It was good to meet with Beach Guardian today in Parliament to discuss the impact of plastics on our beaches.
Beach Guardian informed me that over the next 10 years plastic waste in the ocean is set to treble. That is why I supported their pledge to clean up our beaches.
They will be engaging with over 1,000 volunteers of all ages in their first 12 months. The plastics collected from local beaches are then used to deliver Educational Activities with primary schools and other events and they will share their message with 5,000 children in their first twelve months.
This week I signed a pledge to #PassOnPlastic with Sky Ocean Rescue – a commitment to reduce single-use plastic consumption.
This week has been a significant turning point in the usage of plastics. Flintshire’s own Iceland foods has taken industry leading action on the reduction of plastic waste and Asda have soon followed.
Launched in January 2017, Sky Ocean Rescue aims to shine a spotlight on issues of ocean health, particularly single-use plastics, and inspire people to make small changes. The #PassOnPlastic pledge was also signed by 113 MPs, all making a public commitment to reduce their consumption of single-use plastics.
Sky Ocean Rescue’s whale, Plasticus, which is made up of a quarter of a ton of plastic – the amount that enters our oceans every second – arrived outside Parliament to bring to life the scale of the problem.
Sky have been working hard to raise awareness of ocean health and I am delighted to join their campaign and look at ways to reduce my own plastic consumption. It is deeply worrying that there are 5 trillion pieces of plastic in the world’s oceans, with 8 million tonnes more ending up there every year. We all have a role to play in protecting our oceans – that’s why I have signed my pledge to #PassOnPlastic and encourage others to do the same.
I welcome the announcement by Asda Stores Ltd that they will be following the action of Iceland in producing detailed plans about how it will reduce its use of plastic.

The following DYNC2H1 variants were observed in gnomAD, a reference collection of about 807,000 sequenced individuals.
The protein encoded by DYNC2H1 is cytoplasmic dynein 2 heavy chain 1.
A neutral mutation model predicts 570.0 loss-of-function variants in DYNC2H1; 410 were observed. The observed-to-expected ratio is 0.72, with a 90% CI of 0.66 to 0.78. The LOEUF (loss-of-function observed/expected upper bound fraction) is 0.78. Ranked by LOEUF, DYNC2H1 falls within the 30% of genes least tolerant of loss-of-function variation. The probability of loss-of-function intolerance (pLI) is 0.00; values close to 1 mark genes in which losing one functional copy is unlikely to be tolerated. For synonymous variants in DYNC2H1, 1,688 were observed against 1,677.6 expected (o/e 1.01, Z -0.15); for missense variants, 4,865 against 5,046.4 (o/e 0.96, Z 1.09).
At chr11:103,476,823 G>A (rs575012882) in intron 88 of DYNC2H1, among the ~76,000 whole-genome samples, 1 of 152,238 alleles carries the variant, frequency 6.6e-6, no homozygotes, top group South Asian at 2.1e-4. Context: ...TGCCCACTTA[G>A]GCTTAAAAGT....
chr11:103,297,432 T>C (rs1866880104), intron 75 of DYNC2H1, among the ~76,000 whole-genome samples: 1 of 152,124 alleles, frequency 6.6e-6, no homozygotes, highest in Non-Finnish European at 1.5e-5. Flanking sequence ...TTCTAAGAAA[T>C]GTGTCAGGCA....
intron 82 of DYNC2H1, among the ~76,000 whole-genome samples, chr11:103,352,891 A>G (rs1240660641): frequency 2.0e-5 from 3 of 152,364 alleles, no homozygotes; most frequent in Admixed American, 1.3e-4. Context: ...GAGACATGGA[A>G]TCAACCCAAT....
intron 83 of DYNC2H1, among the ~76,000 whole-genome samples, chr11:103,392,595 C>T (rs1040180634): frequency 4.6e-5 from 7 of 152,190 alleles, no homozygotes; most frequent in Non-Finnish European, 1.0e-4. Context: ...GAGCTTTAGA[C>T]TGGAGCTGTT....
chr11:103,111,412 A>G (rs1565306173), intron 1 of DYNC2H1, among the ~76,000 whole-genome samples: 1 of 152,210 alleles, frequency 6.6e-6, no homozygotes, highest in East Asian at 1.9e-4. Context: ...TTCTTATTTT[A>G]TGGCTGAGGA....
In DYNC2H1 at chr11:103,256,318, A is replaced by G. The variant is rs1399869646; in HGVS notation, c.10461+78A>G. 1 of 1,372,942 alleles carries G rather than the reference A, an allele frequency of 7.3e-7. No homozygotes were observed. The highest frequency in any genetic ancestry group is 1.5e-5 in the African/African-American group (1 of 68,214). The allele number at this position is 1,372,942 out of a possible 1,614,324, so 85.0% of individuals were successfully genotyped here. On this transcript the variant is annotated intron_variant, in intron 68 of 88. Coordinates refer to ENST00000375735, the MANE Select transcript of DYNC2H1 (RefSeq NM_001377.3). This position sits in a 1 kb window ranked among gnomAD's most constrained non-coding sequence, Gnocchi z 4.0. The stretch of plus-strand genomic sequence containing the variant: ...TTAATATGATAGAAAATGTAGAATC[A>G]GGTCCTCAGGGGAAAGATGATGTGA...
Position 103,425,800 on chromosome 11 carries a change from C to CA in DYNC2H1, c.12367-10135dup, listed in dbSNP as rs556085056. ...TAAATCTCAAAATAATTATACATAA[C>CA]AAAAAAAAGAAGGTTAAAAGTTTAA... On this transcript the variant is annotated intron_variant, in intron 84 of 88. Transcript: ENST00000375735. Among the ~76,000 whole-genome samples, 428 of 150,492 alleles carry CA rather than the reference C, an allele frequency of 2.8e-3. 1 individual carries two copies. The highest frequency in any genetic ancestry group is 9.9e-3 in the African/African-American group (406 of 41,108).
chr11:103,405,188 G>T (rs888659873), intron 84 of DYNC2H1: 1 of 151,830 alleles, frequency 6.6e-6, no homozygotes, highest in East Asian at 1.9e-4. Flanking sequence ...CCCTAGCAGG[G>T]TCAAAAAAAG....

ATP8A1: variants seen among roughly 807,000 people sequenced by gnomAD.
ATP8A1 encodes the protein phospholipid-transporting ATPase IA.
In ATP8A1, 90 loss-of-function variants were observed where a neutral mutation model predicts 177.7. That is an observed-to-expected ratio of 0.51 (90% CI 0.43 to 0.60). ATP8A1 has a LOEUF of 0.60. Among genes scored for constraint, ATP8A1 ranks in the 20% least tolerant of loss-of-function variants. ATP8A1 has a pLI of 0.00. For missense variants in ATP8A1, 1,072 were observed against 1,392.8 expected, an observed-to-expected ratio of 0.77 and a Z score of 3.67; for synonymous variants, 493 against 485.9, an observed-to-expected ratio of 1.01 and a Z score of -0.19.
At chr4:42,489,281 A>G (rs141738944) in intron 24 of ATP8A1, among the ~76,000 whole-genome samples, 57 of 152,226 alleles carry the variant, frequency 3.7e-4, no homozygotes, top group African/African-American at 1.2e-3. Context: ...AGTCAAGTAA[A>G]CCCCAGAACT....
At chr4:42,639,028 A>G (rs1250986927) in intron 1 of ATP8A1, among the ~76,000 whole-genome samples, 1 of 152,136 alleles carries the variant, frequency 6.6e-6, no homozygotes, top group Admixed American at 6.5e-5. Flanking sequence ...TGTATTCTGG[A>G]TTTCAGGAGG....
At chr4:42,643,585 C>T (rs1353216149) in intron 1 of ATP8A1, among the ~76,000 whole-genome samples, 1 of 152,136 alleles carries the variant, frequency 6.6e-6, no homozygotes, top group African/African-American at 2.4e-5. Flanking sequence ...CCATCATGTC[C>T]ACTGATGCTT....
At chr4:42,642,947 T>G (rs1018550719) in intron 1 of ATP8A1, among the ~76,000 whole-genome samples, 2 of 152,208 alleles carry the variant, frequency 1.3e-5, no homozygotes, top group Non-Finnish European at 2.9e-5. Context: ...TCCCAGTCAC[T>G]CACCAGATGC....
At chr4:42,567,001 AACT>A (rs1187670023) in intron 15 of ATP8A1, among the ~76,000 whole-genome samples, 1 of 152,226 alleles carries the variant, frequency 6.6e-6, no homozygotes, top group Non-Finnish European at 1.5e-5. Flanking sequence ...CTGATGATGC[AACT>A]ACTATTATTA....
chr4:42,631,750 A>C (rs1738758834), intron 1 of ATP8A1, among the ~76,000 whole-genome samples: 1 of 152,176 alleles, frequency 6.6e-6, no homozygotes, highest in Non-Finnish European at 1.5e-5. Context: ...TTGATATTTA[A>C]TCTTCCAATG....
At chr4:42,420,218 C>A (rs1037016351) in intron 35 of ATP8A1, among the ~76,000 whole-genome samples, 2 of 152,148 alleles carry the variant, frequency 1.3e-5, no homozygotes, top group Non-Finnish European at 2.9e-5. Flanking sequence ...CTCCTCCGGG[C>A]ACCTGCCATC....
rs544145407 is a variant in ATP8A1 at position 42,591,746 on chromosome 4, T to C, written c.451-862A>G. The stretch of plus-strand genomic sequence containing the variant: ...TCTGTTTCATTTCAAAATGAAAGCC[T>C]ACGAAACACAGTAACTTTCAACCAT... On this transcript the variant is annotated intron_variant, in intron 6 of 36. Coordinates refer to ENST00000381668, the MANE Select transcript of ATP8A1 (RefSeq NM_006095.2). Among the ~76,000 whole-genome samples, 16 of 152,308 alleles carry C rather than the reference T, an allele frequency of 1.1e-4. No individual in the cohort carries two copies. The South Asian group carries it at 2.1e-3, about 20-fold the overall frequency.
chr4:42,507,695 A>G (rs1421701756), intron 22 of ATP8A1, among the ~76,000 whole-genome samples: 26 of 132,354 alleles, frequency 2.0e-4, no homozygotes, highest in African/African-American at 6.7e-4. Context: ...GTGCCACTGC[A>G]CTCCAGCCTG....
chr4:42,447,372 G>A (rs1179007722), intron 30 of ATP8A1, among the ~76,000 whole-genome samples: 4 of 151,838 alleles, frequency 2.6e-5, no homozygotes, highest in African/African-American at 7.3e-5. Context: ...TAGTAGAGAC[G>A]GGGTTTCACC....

Recently, I joined over 120 other MPs in co-signing a letter to the Chief Executives of all major supermarkets to pressure them to commit to the elimination of plastic packaging from their own branded goods by 2023, if not sooner.
In the report published by Asda following this letter they have outlined what progress they have already made. Measures include:
• Committed to making all own brand packaging 100% recyclable by 2025;
• Reducing the weight of their packaging by 27%;
• Removed 500 tonnes of plastic by reducing the weight of their water bottles;
• Producing plastic free cotton buds from January 2018; and
• Reuse/recycle 21% of all George clothing hangers.
Going forward Asda will replace all plastic straws with paper, all plastic pizza boards with cardboard and phase out single use carrier bags during 2018 in favour of bags for life. Profits from the bags will be donated to good cases.
I am pleased to see that Asda is following the example set by Iceland and putting forward some ambition targets. The letter I and over 120 other MPs signed was a catalyst for change. We were able to demonstrate to supermarkets that the efforts they were taking so far were not up to standard and how through improvements they could help our natural environment.
But we should not rest on our laurels. If Blue Planet II taught us anything it showed that our seas have reached an unimaginable level of plastic pollution. If we are to save the ecosystems that our planet relies on we must press to eliminate as many plastics from everyday life as possible. And where this cannot be done we must up our game in regards to recycling.
We have are reaching a tipping point with our planet. If governments, businesses and individuals do not change their habits we will be undermining the sustainability of our natural environment. This announcement by Asda demonstrates that we can make a difference.
You can read the Asda report here.
I have joined over 120 other MPs in co-signing a letter to the Chief Executives of all major supermarkets to pressure them to commit to the elimination of plastic packing from their own branded goods by 2023, if not sooner.
This follows the trail blazing announcement by Iceland, whose Head Office is based in Flintshire, who announced this week that it will be plastic free within five years. The current plastic packaging would be replaced with paper and pulp trays and paper bags, which would be recyclable through domestic waste collections or in-store recycling facilities. Read more “Calling on supermarkets to ban plastics”